Adapting the Risk Environment Framework to Understand Substance Use, Gender-Based Violence, and HIV Risk Behaviors Among Female Sex Workers in Tanzania

Anna M. Leddy, Carol Underwood, Michele R Decker, Jessie Mbwambo, Samuel Likindikoki, Noya Galai, Deanna Kerrigan

Research output: Contribution to journalArticle

Abstract

Female sex workers (FSWs) in sub-Saharan Africa are disproportionately affected by HIV and gender-based violence (GBV). Substance use overlaps with these co-occurring epidemics to further increase FSWs’ risk for negative health outcomes. We explored the relationship between substance use, GBV, and consistent condom use utilizing baseline data from a cohort of 496 FSWs in Tanzania. Results demonstrate high levels of alcohol use and GBV, and low levels of consistent condom use. Frequent intoxication during sex work was associated with increased odds of recent GBV (aOR 1.64, 95% CI 1.07, 2.49; p value 0.02) and reduced odds of consistent condom use with clients (aOR 0.58, 95% CI 0.37, 0.92; p-value 0.02). We adapt the risk environment framework to contextualize our findings in the social and structural context and to gain insight into intervention approaches to address the intersecting challenges of substance use, GBV, and HIV among FSWs in Tanzania and similar settings.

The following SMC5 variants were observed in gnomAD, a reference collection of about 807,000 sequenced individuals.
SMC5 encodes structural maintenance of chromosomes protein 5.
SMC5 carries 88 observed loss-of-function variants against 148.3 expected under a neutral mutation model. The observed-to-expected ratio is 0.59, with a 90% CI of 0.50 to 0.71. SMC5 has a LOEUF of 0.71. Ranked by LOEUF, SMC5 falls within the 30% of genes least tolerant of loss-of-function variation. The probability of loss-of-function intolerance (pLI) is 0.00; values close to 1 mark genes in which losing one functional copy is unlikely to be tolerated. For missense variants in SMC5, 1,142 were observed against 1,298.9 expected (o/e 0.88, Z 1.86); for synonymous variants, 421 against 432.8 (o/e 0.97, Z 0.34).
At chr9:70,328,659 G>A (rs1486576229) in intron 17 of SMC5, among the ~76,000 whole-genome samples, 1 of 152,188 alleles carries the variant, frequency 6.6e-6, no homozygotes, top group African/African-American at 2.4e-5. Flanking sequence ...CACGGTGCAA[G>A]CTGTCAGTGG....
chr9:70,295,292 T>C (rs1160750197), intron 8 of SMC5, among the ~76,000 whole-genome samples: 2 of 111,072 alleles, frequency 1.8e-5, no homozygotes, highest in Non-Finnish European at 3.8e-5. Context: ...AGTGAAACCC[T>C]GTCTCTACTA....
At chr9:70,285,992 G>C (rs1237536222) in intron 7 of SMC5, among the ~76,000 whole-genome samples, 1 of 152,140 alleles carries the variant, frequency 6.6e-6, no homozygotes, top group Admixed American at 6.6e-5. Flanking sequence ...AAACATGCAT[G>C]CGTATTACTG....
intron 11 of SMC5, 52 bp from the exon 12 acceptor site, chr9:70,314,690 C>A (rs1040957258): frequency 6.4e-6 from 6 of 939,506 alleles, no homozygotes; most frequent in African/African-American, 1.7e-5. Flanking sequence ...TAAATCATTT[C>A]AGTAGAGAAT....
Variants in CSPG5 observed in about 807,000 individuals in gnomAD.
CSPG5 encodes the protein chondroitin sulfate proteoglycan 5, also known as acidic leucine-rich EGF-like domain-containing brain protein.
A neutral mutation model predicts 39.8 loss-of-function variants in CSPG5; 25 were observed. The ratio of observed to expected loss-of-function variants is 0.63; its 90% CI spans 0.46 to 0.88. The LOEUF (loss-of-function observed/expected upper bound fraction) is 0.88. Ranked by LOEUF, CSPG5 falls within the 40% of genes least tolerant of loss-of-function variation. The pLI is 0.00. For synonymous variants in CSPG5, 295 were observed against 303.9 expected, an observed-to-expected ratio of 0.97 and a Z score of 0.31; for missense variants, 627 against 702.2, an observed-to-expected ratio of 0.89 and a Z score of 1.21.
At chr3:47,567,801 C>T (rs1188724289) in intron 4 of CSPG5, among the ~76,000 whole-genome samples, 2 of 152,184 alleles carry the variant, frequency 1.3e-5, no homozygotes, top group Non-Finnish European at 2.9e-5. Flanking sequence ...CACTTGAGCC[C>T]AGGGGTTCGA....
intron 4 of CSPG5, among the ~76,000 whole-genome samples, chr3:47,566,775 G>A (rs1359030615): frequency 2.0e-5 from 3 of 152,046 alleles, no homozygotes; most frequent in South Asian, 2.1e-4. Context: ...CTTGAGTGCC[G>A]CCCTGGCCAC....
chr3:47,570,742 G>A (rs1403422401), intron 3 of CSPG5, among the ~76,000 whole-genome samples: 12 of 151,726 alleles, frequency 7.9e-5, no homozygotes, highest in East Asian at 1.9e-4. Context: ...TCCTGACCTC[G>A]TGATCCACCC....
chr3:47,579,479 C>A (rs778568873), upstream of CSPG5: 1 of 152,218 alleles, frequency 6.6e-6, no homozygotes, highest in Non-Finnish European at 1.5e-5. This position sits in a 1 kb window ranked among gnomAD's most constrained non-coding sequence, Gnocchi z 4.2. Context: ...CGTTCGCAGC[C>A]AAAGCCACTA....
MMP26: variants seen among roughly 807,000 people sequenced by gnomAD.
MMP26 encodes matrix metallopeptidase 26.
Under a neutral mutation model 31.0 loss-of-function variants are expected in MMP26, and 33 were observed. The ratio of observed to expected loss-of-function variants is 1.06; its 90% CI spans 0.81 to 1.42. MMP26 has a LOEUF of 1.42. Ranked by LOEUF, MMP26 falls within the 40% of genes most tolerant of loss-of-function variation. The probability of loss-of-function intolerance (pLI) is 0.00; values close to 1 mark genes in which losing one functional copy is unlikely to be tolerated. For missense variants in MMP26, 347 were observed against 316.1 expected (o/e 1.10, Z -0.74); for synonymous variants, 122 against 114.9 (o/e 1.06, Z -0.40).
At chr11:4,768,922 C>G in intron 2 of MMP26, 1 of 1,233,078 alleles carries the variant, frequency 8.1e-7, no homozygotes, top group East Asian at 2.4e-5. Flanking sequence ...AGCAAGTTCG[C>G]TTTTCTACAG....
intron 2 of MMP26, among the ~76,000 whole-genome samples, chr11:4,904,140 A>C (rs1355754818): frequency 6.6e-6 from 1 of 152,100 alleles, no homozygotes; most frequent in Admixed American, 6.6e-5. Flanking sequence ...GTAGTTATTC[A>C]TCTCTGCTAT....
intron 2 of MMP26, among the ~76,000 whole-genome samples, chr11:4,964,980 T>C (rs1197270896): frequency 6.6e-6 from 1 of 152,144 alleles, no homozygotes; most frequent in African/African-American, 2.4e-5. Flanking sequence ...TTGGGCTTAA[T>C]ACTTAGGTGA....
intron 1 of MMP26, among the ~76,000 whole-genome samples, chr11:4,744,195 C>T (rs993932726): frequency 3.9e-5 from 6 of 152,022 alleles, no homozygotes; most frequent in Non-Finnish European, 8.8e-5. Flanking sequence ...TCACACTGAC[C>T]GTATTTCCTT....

Original languageEnglish (US)
Pages (from-to)1-11
Number of pages11
JournalAIDS and Behavior
DOIs
StateAccepted/In press - May 16 2018

Fingerprint

Sex Workers
Tanzania
Risk-Taking
Violence
HIV
Condoms
Sex Work
Africa South of the Sahara
Alcohols
Health

Keywords

  • Female sex workers
  • Gender-based violence
  • HIV
  • Sub-Saharan Africa
  • Substance use

ASJC Scopus subject areas

  • Social Psychology
  • Public Health, Environmental and Occupational Health
  • Infectious Diseases

Cite this

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title = "Adapting the Risk Environment Framework to Understand Substance Use, Gender-Based Violence, and HIV Risk Behaviors Among Female Sex Workers in Tanzania",
abstract = "Female sex workers (FSWs) in sub-Saharan Africa are disproportionately affected by HIV and gender-based violence (GBV). Substance use overlaps with these co-occurring epidemics to further increase FSWs’ risk for negative health outcomes. We explored the relationship between substance use, GBV, and consistent condom use utilizing baseline data from a cohort of 496 FSWs in Tanzania. Results demonstrate high levels of alcohol use and GBV, and low levels of consistent condom use. Frequent intoxication during sex work was associated with increased odds of recent GBV (aOR 1.64, 95{\%} CI 1.07, 2.49; p value 0.02) and reduced odds of consistent condom use with clients (aOR 0.58, 95{\%} CI 0.37, 0.92; p-value 0.02). We adapt the risk environment framework to contextualize our findings in the social and structural context and to gain insight into intervention approaches to address the intersecting challenges of substance use, GBV, and HIV among FSWs in Tanzania and similar settings.",
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AU - Galai, Noya

AU - Kerrigan, Deanna

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